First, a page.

!!! Lucky and O’Connor - a new thing happening!! Looks quite serious indeed!!! :-)

March 16, 2015 - Etobicoke - Sun Life Centre

CPF Postmaster Reports:

Monday March 16th - 2015
A big thank you to Olga for sending in her snap shot of Lucky and O’Connor taken this afternoon via the live nest web cam from the Bloor & Islington nest site where “Lucky” may just get lucky :-) :-)

It would appear that the previous resident adult male “Jack” has been replaced with a the new kid on the block,, a young peregrine named “Lucky - banded Black Y over 72″ who was produced at the Don Mills & Eglinton nest site in 2013 - http://www.peregrine-foundation.ca/w/c/sightings/toronto-don-mills-and-eglinton

We knew that some day, Jack’s absence would cost him this nest site, (and although Jacks whereabouts is actually not known), proof is in the photograph. Lucky is currently courting O’Connor, and it would appear that she has been very welcoming indeed!
Stay tuned…………..


!!! New Male on Site - Positively ID’d as Lucky!

March 16, 2015 - Etobicoke - Sun Life Centre

Kathy Reports:

This morning I noticed the male had a dark band on his left leg and some other distinguishing features that were not attributed to our resident male Jack.

Tracy was kind enough to come down to the site and has just positively ID’d our new male as Lucky - who was previously seen romancing Quest until the Don Mills resident male Skye returned from migration last week.  Lucky was born at the Don Mills & Eglington Amexon nest site, he is banded Black on the left leg and has blue tape on his right leg covering the USFW band.

We are attempting to determine if Jack is at his other site and will return or if this is settled.  O’Connor and he have been bowing to each other so she is certainly welcoming him which may indicate a territorial battle over the weekend.


!!! Digging a nesting bowl for eggs to come!

March 11, 2015 - Etobicoke - Sun Life Centre

CPF Postmaster Reports:

March 11th - 2015
Some quick shots sent in to us showing one of the Bloor and Islington resident adults busy scrapping a nesting bowl in the nest tray pea-gravel preparing for eggs? Fingers crossed!!
Stay tuned….


!!! Painters beware! Its getting close to nesting time and O’Connor and Jack are watching very closely!

March 09, 2015 - Etobicoke - Sun Life Centre

CPF Postmaster Reports:

March 9th - 2015
Despite the on-going painters activity at the lower elevations, the Etobicoke Bloor and Islington peregrines don’t seem to be too concerned, and obviously not upset about the new paint job at the nest level. We managed to capture a few photos of one of the peregrines today via the nest camera out in Etobicoke.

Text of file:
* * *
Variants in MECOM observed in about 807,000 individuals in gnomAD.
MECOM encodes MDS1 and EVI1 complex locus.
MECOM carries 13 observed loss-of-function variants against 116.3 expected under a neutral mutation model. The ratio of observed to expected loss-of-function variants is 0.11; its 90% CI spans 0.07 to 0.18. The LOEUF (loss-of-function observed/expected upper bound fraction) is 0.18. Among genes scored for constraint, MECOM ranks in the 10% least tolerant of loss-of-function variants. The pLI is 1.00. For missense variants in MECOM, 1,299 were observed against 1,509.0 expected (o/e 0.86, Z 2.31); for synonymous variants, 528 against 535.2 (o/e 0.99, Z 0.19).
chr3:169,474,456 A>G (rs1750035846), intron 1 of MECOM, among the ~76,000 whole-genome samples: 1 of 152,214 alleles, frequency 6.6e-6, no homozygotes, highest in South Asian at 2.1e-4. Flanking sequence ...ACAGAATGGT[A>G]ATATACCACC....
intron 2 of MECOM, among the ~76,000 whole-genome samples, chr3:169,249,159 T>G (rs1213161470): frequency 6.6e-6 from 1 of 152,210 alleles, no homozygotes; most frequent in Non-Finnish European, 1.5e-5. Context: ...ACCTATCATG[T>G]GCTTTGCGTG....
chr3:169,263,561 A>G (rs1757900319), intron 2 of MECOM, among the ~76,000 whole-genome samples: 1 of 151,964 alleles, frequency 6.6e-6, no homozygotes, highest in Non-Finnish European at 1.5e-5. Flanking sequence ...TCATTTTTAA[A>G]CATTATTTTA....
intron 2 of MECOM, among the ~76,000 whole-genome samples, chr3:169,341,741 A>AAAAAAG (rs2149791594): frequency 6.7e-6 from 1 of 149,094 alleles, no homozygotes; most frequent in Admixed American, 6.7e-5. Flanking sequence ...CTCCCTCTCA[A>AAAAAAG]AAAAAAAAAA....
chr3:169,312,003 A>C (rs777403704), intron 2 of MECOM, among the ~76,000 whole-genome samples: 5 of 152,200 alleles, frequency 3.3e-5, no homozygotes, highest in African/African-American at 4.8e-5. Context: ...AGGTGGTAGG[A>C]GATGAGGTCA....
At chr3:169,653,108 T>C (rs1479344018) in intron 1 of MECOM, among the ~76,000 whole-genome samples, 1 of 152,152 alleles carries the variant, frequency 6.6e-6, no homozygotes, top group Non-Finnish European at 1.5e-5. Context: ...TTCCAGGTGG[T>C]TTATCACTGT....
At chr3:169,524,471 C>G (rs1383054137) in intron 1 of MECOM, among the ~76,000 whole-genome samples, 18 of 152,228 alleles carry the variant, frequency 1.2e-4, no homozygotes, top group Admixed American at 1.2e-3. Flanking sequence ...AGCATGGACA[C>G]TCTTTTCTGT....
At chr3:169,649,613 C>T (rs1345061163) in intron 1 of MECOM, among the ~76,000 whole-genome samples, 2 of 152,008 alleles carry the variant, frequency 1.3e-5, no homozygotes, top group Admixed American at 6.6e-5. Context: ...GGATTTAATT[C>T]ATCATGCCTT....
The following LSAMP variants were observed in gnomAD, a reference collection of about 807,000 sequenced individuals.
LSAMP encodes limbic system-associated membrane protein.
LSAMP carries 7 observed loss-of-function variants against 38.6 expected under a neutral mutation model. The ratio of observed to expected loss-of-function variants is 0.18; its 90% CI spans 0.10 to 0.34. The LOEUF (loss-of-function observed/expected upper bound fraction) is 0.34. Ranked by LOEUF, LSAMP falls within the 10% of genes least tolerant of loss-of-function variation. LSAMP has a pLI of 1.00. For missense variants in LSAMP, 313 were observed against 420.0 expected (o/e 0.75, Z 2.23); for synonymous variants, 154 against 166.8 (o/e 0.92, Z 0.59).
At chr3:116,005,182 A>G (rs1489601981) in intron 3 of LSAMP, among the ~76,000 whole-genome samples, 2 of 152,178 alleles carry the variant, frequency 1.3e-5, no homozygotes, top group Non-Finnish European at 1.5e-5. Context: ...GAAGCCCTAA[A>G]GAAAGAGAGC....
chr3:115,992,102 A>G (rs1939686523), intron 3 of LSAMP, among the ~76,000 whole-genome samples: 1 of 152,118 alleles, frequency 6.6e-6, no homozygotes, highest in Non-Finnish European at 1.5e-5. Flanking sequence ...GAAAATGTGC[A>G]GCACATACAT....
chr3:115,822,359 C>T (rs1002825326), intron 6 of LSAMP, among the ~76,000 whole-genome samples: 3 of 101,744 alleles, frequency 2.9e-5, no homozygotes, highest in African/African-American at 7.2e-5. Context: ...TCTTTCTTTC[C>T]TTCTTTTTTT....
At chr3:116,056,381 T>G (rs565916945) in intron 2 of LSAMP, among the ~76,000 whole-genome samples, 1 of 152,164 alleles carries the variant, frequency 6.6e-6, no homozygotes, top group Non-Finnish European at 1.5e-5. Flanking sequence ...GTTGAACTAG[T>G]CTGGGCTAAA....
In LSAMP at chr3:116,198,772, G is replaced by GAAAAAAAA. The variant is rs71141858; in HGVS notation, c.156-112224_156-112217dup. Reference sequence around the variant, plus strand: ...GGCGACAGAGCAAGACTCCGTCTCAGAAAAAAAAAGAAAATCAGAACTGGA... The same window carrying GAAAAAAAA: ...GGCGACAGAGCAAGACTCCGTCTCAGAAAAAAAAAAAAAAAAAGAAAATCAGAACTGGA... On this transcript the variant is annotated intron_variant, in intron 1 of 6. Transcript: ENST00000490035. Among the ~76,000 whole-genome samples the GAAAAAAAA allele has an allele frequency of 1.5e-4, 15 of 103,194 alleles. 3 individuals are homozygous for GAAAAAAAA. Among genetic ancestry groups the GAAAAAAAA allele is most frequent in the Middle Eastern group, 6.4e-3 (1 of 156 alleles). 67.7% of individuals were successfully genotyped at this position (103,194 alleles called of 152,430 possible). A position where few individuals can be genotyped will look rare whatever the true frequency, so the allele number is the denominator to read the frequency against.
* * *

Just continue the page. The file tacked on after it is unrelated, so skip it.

Fingers crossed that we should be seeing egg production soon!
Stay tuned……..


!!! Despite the ongoing painting at the lower elevations below the nest ledge, its still life as usual on the upper ledges!

February 20, 2015 - Etobicoke - Sun Life Centre

CPF Postmaster Reports:

February 20th - 2015
Despite the record cold temps here in southern Ontario, and the on-going painting of the building at the lower elevations, its life as usual on the nest ledge as clearly seen via the nest web cams! A quick peek, and a quick snapshot, finds one of the resident adults on the nest ledge eating a fresh kill for the morning breakfast.
Pigeons beware,, its still not a safe place to be if you are a pigeon!!

That being said, we have confirmed reports of both O’Connor and Jack being the resident adults on site with no evidence of any territorial challenges having been observed of late. While the season is still very early, and with the southern wintering over migrant peregrines not yet on their way back from the far south wintering grounds, their still is plenty of time for drama when the season starts to heat up!!

Lets hope that Jack stays a little closer to his Etobicoke Bloor & Islington territory this spring to help O’Connor guard and watch over the territory! As many of you know, Jack has had a girlfriend at another nest site in west Etobicoke for several years now, and has been successfully producing offspring at this other nest site simultaneously. He has been double-timing it with both O’Connor and another adult female at the other nest site and has so far been successful in his efforts in holding two different nest site territories, both with young having been produced at same!!